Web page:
I remember many an evening spent in restaurants rolling my eyes at wayward children. I recall huffing at rustling sweetie wrappers at the cinema. In hindsight, I can see I was a frosty cow to all families that may have crossed my path anywhere my childless self was trying to have a good time.
I suppose that’s what you call karma. I am now mother to ‘that child’ you know, that child who finds the flip up cinema chairs fascinating and can’t leave them alone, who rustles countless bags of popcorn and gives away vital plot information. Who will be asking for a wee or more sweets when there is an important bit of dialogue. She’s the child standing on the chair in the restaurant or scampering under your feet to view the ice cream. She’ll drop forty forks, wear the napkin on her head and probably make up a loud and raucous ditty about poo.
Until I had Harriet I really thought you could control your children. That wild behaviour could easily be nipped in the bud, but I’ve tried everything, reasoning, no deserts, shouting, evil stares, even eviler stares complete with brow furrow. Nothing works, and now I realise why. Harriet is a little person. She has her own personality that cannot be controlled by me and quite rightly so. I have my personality and no one can change me, good lord people have tried. So why should I expect to have the divine skill to change someone else’s…no matter how young.
Originally this was going to be a very different blog, a moan if you will about trying to control my mini firework, but then friends made me realise how lucky I am to have such a bright and sparky girl.
Harriet is a tiny bundle of energy. I dare not give her a blue slushy and I honestly believe if she even got a whiff of a can of Monster she would create so much energy that a nuclear reaction would occur and that would be the end of the world.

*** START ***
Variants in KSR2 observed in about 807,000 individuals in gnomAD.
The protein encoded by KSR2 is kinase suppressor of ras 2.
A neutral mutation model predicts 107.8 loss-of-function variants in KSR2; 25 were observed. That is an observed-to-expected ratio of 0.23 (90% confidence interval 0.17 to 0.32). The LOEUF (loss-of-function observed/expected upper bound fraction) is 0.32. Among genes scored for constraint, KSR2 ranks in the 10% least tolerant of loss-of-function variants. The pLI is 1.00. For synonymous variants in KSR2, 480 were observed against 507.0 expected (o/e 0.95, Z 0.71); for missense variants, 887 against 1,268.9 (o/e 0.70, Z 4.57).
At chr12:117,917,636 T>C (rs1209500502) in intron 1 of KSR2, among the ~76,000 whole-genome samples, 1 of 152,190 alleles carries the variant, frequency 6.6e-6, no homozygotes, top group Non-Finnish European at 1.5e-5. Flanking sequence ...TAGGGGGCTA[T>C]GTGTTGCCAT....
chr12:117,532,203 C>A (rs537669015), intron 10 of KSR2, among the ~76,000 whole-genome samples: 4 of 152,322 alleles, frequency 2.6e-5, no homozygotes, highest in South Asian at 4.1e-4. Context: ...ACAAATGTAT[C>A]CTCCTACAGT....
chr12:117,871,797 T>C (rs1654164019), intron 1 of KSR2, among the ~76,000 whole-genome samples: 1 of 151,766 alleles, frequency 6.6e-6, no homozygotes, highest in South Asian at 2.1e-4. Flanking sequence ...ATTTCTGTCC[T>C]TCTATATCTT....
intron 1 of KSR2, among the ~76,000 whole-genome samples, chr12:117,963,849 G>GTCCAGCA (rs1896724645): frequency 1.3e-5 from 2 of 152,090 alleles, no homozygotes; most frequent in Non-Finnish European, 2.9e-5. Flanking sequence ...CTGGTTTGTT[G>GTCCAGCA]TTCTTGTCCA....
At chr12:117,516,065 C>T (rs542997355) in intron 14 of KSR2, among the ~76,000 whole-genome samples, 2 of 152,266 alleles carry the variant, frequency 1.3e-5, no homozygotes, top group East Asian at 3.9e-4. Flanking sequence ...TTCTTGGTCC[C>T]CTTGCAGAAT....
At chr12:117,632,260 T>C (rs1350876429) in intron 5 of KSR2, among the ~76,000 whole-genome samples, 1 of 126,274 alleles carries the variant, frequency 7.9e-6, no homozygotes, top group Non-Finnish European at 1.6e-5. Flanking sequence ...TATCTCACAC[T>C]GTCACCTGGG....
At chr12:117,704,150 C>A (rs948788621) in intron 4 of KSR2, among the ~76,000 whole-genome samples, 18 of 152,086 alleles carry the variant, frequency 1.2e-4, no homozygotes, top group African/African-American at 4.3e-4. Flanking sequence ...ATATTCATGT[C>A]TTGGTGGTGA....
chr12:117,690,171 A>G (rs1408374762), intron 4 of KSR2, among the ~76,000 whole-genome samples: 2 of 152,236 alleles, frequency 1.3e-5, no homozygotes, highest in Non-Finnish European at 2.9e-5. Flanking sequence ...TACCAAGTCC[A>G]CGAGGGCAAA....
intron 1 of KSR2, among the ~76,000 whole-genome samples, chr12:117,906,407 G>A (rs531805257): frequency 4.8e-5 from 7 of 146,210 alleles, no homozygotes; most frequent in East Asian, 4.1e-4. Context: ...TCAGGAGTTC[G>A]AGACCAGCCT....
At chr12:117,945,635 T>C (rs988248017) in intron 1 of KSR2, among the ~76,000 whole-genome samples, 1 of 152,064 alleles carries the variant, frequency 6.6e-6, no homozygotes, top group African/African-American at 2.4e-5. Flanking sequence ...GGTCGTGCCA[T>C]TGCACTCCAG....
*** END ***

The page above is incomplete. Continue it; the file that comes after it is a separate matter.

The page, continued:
She is exuberant, joyful, adventurous, fearless and she never ever tires. What she lacks in stature she makes up for in pure spirit. This is a truly wonderful thing to see, but she is exhausting and exasperating. When she is doing a bare bottomed ‘wiggly bum dance’ on your bed at 6am or dangling perilously upside down from a tree that’s a fair run away, it takes all the energy I have to keep up. Since having Harry I’ve aged approximately 497 years.
Going out for meals is difficult. Harriet can barely sit still. Crayons won’t hold her attention for long and I’ve had to get over my deep rooted disappointment of her not colouring in the lines. She gives no shits about the lines…lines are meant to be coloured over, who has time for that?! She’ll want to explore the toilets, comment loudly on the other diners and basically avoid eating anything you have paid for.
Recently after an exhausting evening of trying to control her I wearily asked, ‘Harriet, why can’t you behave, why can you not sit like the other girls? I was embarrassed’. She simply looked at me, the only time she had been still and serious all night and said unapologetically ‘That’s just the way I am, Mummy. I can’t help it. I am just so EXCITED!!!!’ and with that I realised she was right. Harriet is being herself. She doesn’t care that she’s not like the other girls, she doesn’t care if frosty childless couples are tutting. She – just – doesn’t- care, and actually that’s great. She spent the tram trip home swinging on poles and trying to hit the stop button, still being herself.
How I’d like to go out and not once think about what anyone else thought of me. That kind of mental freedom must make you exuberant.
She wakes up nearly every morning and announces ‘I am SOOO excited’ I ask her what about and the reasons vary ‘It’s my birthday soon’ (it’s in three months) ‘I saw a butterfly’ ‘These pyjamas are purple!!!’ The most mundane things can be amazing to her. She’s been looking forward to a weekend away at Centre Parcs for months and her excitement is literally fizzing like a well shaken can. When we get there she may have to be let out of the car slowly so she doesn’t ricochet all over the park.
How wonderful must it be to be that excited about life? Even when I do have something to get excited about it gets tainted. When I wake up on the day we are going on holiday, my first emotion isn’t excitement, its worry ‘did I pack the sun cream, is my passport in date, who’s feeding the cat’ Oh to be like Harriet and just enjoy the day. I envy her.
Even though Harriet steals my energy, tires me out and embarrasses me daily. I love her just the way she is and I need to learn from her because who has the better outlook on life. The optimistic, go getter afraid of nothing who finds the world a glorious place full of endless possibilities, or the careful worrier who stops herself from fear of failure.
Who knew my best teacher would be a four year old girl. And if you ever see her around cover your can of Monster, one whiff and it’s the end of life as we know it.